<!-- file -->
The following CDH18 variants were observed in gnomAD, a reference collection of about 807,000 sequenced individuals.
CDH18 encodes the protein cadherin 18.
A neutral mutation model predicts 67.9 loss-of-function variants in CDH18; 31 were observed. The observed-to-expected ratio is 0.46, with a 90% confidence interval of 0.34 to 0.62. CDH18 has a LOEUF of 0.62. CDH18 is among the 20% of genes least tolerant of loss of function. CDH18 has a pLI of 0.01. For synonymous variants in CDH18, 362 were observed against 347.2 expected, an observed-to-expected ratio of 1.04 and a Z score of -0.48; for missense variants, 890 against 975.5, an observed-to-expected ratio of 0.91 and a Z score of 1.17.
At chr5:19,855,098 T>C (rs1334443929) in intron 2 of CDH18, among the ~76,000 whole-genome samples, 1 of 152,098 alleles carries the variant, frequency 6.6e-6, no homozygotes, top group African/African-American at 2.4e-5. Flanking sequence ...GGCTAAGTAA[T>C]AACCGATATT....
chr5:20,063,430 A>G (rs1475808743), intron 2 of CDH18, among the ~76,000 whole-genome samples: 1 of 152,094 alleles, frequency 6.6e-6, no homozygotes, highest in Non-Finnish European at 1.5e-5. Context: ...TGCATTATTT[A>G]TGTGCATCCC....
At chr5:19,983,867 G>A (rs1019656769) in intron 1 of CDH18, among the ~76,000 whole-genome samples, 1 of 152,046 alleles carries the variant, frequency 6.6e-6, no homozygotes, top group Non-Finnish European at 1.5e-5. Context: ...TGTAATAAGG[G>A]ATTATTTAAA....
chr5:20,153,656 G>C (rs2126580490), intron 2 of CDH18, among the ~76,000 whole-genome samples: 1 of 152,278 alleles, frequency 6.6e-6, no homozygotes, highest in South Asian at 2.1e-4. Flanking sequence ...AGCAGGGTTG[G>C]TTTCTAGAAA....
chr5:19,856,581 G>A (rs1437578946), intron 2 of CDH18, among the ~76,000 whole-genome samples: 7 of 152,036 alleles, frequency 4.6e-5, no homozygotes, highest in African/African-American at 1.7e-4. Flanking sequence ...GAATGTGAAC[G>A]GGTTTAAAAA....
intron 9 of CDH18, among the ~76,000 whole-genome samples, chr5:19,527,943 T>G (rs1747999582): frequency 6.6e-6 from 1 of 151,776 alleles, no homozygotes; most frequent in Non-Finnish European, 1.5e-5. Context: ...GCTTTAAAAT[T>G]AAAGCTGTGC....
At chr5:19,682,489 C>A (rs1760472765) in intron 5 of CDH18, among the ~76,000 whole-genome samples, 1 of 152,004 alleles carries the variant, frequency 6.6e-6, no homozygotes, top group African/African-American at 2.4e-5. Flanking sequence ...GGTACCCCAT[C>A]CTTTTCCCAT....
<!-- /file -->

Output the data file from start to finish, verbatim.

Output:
The following CDH18 variants were observed in gnomAD, a reference collection of about 807,000 sequenced individuals.
CDH18 encodes the protein cadherin 18.
A neutral mutation model predicts 67.9 loss-of-function variants in CDH18; 31 were observed. The observed-to-expected ratio is 0.46, with a 90% confidence interval of 0.34 to 0.62. CDH18 has a LOEUF of 0.62. CDH18 is among the 20% of genes least tolerant of loss of function. CDH18 has a pLI of 0.01. For synonymous variants in CDH18, 362 were observed against 347.2 expected, an observed-to-expected ratio of 1.04 and a Z score of -0.48; for missense variants, 890 against 975.5, an observed-to-expected ratio of 0.91 and a Z score of 1.17.
At chr5:19,855,098 T>C (rs1334443929) in intron 2 of CDH18, among the ~76,000 whole-genome samples, 1 of 152,098 alleles carries the variant, frequency 6.6e-6, no homozygotes, top group African/African-American at 2.4e-5. Flanking sequence ...GGCTAAGTAA[T>C]AACCGATATT....
chr5:20,063,430 A>G (rs1475808743), intron 2 of CDH18, among the ~76,000 whole-genome samples: 1 of 152,094 alleles, frequency 6.6e-6, no homozygotes, highest in Non-Finnish European at 1.5e-5. Context: ...TGCATTATTT[A>G]TGTGCATCCC....
At chr5:19,983,867 G>A (rs1019656769) in intron 1 of CDH18, among the ~76,000 whole-genome samples, 1 of 152,046 alleles carries the variant, frequency 6.6e-6, no homozygotes, top group Non-Finnish European at 1.5e-5. Context: ...TGTAATAAGG[G>A]ATTATTTAAA....
chr5:20,153,656 G>C (rs2126580490), intron 2 of CDH18, among the ~76,000 whole-genome samples: 1 of 152,278 alleles, frequency 6.6e-6, no homozygotes, highest in South Asian at 2.1e-4. Flanking sequence ...AGCAGGGTTG[G>C]TTTCTAGAAA....
chr5:19,856,581 G>A (rs1437578946), intron 2 of CDH18, among the ~76,000 whole-genome samples: 7 of 152,036 alleles, frequency 4.6e-5, no homozygotes, highest in African/African-American at 1.7e-4. Flanking sequence ...GAATGTGAAC[G>A]GGTTTAAAAA....
intron 9 of CDH18, among the ~76,000 whole-genome samples, chr5:19,527,943 T>G (rs1747999582): frequency 6.6e-6 from 1 of 151,776 alleles, no homozygotes; most frequent in Non-Finnish European, 1.5e-5. Context: ...GCTTTAAAAT[T>G]AAAGCTGTGC....
At chr5:19,682,489 C>A (rs1760472765) in intron 5 of CDH18, among the ~76,000 whole-genome samples, 1 of 152,004 alleles carries the variant, frequency 6.6e-6, no homozygotes, top group African/African-American at 2.4e-5. Flanking sequence ...GGTACCCCAT[C>A]CTTTTCCCAT....